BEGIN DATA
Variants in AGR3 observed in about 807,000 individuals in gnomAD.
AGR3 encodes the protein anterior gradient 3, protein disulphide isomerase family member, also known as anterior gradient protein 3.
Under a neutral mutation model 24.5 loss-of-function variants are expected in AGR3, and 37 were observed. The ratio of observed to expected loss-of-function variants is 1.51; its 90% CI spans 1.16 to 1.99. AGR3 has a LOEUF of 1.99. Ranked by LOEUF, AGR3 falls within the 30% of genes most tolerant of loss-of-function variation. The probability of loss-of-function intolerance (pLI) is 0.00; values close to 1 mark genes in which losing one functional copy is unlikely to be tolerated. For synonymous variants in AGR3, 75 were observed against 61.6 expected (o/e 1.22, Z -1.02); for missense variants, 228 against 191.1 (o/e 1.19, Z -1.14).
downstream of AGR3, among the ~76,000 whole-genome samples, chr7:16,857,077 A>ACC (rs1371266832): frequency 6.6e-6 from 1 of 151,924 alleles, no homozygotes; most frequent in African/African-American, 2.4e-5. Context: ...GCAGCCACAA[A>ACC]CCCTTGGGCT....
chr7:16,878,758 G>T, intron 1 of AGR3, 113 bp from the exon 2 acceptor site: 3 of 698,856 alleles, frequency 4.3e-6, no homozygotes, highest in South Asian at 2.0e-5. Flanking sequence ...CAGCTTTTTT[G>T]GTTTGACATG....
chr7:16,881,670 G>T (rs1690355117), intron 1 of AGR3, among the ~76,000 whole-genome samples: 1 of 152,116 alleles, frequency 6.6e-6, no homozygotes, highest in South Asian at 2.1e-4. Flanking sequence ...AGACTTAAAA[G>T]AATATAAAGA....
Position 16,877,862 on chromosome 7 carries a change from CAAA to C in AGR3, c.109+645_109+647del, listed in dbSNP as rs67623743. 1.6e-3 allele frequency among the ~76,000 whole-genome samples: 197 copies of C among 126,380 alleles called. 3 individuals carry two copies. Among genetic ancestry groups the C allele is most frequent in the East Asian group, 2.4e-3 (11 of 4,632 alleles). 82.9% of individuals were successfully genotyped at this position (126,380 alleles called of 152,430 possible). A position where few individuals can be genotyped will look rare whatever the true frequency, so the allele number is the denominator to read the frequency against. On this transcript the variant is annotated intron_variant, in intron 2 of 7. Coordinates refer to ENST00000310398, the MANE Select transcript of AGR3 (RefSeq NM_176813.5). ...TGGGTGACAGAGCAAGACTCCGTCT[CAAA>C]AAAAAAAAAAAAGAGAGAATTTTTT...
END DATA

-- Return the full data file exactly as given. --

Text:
Variants in AGR3 observed in about 807,000 individuals in gnomAD.
AGR3 encodes the protein anterior gradient 3, protein disulphide isomerase family member, also known as anterior gradient protein 3.
Under a neutral mutation model 24.5 loss-of-function variants are expected in AGR3, and 37 were observed. The ratio of observed to expected loss-of-function variants is 1.51; its 90% CI spans 1.16 to 1.99. AGR3 has a LOEUF of 1.99. Ranked by LOEUF, AGR3 falls within the 30% of genes most tolerant of loss-of-function variation. The probability of loss-of-function intolerance (pLI) is 0.00; values close to 1 mark genes in which losing one functional copy is unlikely to be tolerated. For synonymous variants in AGR3, 75 were observed against 61.6 expected (o/e 1.22, Z -1.02); for missense variants, 228 against 191.1 (o/e 1.19, Z -1.14).
downstream of AGR3, among the ~76,000 whole-genome samples, chr7:16,857,077 A>ACC (rs1371266832): frequency 6.6e-6 from 1 of 151,924 alleles, no homozygotes; most frequent in African/African-American, 2.4e-5. Context: ...GCAGCCACAA[A>ACC]CCCTTGGGCT....
chr7:16,878,758 G>T, intron 1 of AGR3, 113 bp from the exon 2 acceptor site: 3 of 698,856 alleles, frequency 4.3e-6, no homozygotes, highest in South Asian at 2.0e-5. Flanking sequence ...CAGCTTTTTT[G>T]GTTTGACATG....
chr7:16,881,670 G>T (rs1690355117), intron 1 of AGR3, among the ~76,000 whole-genome samples: 1 of 152,116 alleles, frequency 6.6e-6, no homozygotes, highest in South Asian at 2.1e-4. Flanking sequence ...AGACTTAAAA[G>T]AATATAAAGA....
Position 16,877,862 on chromosome 7 carries a change from CAAA to C in AGR3, c.109+645_109+647del, listed in dbSNP as rs67623743. 1.6e-3 allele frequency among the ~76,000 whole-genome samples: 197 copies of C among 126,380 alleles called. 3 individuals carry two copies. Among genetic ancestry groups the C allele is most frequent in the East Asian group, 2.4e-3 (11 of 4,632 alleles). 82.9% of individuals were successfully genotyped at this position (126,380 alleles called of 152,430 possible). A position where few individuals can be genotyped will look rare whatever the true frequency, so the allele number is the denominator to read the frequency against. On this transcript the variant is annotated intron_variant, in intron 2 of 7. Coordinates refer to ENST00000310398, the MANE Select transcript of AGR3 (RefSeq NM_176813.5). ...TGGGTGACAGAGCAAGACTCCGTCT[CAAA>C]AAAAAAAAAAAAGAGAGAATTTTTT...